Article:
June 13 2015 02:00PM
On Saturday, news came that the Montreal Canadiens had re-signed defenceman Nathan Beaulieu to a two-year contract extension. Beaulieu, a 22-year-old defenceman, played his first semi-full season with the Habs this year and has some things in common with Edmonton Oilers’ rearguard Martin Marincin. Does his contract represent a reasonable starting point for Marincin’s next deal?
June 13 2015 11:22AM
One of the recurring themes in the comments section here is that the Oilers need to make sure they have the necessary cap space to re-sign Connor McDavid when his contract expires. It’s a valid point; obviously if things go as the Oilers hope the team will have to juggle the contracts of several outstanding young players. However, it’s also worth remembering one of the fun little side effects of the salary cap: legitimate stars almost never get what they’re worth.
June 12 2015 06:00PM
In a league like the NHL which guarantees every contract, employing secondary players on short-term deals can have a lot of value.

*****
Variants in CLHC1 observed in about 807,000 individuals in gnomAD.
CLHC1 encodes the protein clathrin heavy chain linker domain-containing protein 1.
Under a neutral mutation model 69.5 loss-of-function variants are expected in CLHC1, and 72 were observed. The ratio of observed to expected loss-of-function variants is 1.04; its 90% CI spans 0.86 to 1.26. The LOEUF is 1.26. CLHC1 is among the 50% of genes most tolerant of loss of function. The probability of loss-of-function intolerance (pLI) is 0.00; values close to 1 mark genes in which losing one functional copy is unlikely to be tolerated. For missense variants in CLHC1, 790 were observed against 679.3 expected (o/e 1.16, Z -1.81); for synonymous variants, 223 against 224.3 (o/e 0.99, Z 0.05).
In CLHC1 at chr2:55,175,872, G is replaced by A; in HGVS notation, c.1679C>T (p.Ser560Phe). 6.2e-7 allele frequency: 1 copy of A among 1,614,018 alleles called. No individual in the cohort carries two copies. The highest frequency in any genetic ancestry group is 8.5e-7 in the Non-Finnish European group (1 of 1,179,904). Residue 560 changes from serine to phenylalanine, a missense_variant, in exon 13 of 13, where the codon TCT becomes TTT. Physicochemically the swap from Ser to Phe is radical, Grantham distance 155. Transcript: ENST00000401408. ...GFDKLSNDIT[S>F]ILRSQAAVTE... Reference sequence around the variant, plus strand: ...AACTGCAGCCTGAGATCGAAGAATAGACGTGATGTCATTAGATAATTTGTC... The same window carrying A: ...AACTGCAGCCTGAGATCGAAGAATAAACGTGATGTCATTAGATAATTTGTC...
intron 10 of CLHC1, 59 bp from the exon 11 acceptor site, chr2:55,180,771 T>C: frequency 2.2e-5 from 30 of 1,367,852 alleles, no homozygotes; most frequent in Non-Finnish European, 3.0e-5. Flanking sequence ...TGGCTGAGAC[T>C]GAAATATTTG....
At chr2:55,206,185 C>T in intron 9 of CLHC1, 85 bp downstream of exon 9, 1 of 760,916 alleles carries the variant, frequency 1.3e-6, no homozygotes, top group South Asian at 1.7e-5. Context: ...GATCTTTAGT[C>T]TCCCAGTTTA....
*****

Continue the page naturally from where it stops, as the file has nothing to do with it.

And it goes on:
Short-term deals offer flexibility. If a player struggles, a team isn’t committed long-term. If the salary cap falls, a team has room to maneuver. If a new coach is brought in, it’s easier to adjust the supporting cast to the style of game he preaches.
And every year at the trade deadline, players on expiring contracts get sent away for draft picks, the lifeblood of any organization.
June 12 2015 03:45PM
Last summer, former general manager Craig MacTavish, perhaps sensing that the Oilers were too deep at centre, traded pivot Sam Gagner for winger Teddy Purcell. Today he has one year left on his existing contract and is going to be in a dog fight to stay in the top six.
Jeff Veillette (Jeffler)
June 12 2015 09:00AM
This is a series counting down the top-10 pending UFAs. It will be posted across the Nation Network over the next month! Enjoy!
When Christian Ehrhoff signed a ten year contract with the Buffalo Sabres in June of 2011, a lot of people were puzzled, and a little annoyed. Why was the NHL allowing these long-term, front-loaded contracts? Why was a 28 year old signing one that he would theoretically be able to play through? Why, even with the scheme, did such a talented player take so little without testing the market, from a team he became part of just hours before?
Fast forward to today. This would theoretically be the end of year four, but the Sabres are about a year removed from buying out the middle-aged German. Not only that, but the Pittsburgh Penguins, his new team, feel inclined to go with other internal options, meaning Ehrhoff will suit up for his third team in as many years.